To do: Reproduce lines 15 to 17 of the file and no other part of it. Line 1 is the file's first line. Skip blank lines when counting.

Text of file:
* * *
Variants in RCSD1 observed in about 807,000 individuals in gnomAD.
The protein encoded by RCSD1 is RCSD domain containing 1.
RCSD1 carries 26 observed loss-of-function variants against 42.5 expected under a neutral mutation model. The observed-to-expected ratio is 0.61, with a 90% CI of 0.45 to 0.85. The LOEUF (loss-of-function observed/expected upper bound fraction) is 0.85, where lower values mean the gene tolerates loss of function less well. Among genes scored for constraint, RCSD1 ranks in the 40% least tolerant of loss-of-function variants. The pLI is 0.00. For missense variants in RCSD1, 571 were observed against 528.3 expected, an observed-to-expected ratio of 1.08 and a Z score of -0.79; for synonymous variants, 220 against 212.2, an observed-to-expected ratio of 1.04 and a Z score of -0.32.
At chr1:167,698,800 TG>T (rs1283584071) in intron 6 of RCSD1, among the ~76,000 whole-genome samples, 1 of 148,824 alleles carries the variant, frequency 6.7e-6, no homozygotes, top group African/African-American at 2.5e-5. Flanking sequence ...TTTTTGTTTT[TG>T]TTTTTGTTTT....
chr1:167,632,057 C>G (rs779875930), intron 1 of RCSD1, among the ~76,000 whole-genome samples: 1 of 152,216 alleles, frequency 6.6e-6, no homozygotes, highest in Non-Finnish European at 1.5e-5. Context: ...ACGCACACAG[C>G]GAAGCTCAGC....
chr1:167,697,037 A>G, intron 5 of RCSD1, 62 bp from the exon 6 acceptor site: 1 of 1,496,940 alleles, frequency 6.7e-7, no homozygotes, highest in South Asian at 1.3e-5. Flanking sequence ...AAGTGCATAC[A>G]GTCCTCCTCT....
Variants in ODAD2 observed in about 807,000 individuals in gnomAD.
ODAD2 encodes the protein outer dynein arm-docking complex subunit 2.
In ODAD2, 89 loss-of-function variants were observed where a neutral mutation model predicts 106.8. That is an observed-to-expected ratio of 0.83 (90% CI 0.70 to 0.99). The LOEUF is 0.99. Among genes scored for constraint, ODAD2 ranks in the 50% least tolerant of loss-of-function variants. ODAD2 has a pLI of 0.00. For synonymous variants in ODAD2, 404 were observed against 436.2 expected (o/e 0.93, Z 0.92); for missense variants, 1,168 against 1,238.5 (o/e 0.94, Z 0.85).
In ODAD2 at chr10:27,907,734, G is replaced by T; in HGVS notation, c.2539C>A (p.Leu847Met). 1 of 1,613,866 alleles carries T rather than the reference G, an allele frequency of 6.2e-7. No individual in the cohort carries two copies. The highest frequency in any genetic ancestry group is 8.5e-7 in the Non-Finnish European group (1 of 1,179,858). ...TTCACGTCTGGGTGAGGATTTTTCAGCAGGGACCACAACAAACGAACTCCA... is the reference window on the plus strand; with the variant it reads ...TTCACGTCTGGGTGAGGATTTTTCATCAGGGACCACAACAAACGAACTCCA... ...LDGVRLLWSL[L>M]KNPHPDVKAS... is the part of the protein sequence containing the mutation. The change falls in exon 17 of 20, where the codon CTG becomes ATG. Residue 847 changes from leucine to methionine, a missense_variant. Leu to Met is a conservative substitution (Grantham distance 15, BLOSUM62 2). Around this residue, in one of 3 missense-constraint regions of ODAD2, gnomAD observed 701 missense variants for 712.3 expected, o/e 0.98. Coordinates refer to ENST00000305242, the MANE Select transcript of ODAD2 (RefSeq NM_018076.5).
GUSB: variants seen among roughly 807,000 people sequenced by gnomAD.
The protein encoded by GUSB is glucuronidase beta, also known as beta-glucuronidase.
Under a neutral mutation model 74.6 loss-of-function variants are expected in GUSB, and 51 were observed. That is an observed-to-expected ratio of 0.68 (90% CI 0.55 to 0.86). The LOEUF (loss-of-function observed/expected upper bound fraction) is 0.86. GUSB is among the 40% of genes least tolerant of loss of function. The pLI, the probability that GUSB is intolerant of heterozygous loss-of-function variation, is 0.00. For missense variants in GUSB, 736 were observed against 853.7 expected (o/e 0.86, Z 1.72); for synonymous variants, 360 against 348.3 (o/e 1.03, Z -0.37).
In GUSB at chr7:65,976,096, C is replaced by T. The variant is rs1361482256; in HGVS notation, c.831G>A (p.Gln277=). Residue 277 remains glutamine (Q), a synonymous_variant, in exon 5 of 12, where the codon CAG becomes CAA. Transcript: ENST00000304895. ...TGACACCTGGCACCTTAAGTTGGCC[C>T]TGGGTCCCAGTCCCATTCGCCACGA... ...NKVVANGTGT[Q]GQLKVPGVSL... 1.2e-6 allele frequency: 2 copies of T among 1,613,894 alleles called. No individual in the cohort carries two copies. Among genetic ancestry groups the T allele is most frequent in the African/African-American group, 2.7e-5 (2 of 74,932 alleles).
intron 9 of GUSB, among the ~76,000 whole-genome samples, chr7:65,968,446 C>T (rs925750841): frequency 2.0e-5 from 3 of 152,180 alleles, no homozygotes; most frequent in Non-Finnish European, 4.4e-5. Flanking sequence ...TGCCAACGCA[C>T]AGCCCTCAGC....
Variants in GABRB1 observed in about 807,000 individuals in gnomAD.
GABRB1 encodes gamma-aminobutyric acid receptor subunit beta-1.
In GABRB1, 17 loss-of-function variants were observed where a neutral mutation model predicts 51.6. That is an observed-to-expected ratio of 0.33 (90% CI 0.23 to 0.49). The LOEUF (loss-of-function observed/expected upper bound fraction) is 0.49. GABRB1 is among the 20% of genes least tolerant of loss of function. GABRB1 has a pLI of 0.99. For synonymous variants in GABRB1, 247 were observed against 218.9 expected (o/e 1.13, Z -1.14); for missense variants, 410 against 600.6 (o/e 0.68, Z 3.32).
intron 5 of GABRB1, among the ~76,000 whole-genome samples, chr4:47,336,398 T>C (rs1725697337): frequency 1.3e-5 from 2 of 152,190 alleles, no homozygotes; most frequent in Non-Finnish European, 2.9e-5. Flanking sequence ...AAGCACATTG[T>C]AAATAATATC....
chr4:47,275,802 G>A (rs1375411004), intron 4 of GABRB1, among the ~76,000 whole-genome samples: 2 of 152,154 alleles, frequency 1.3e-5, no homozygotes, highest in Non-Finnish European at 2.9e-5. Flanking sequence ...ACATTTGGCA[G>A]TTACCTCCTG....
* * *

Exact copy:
intron 9 of GUSB, among the ~76,000 whole-genome samples, chr7:65,968,446 C>T (rs925750841): frequency 2.0e-5 from 3 of 152,180 alleles, no homozygotes; most frequent in Non-Finnish European, 4.4e-5. Flanking sequence ...TGCCAACGCA[C>T]AGCCCTCAGC....
Variants in GABRB1 observed in about 807,000 individuals in gnomAD.
GABRB1 encodes gamma-aminobutyric acid receptor subunit beta-1.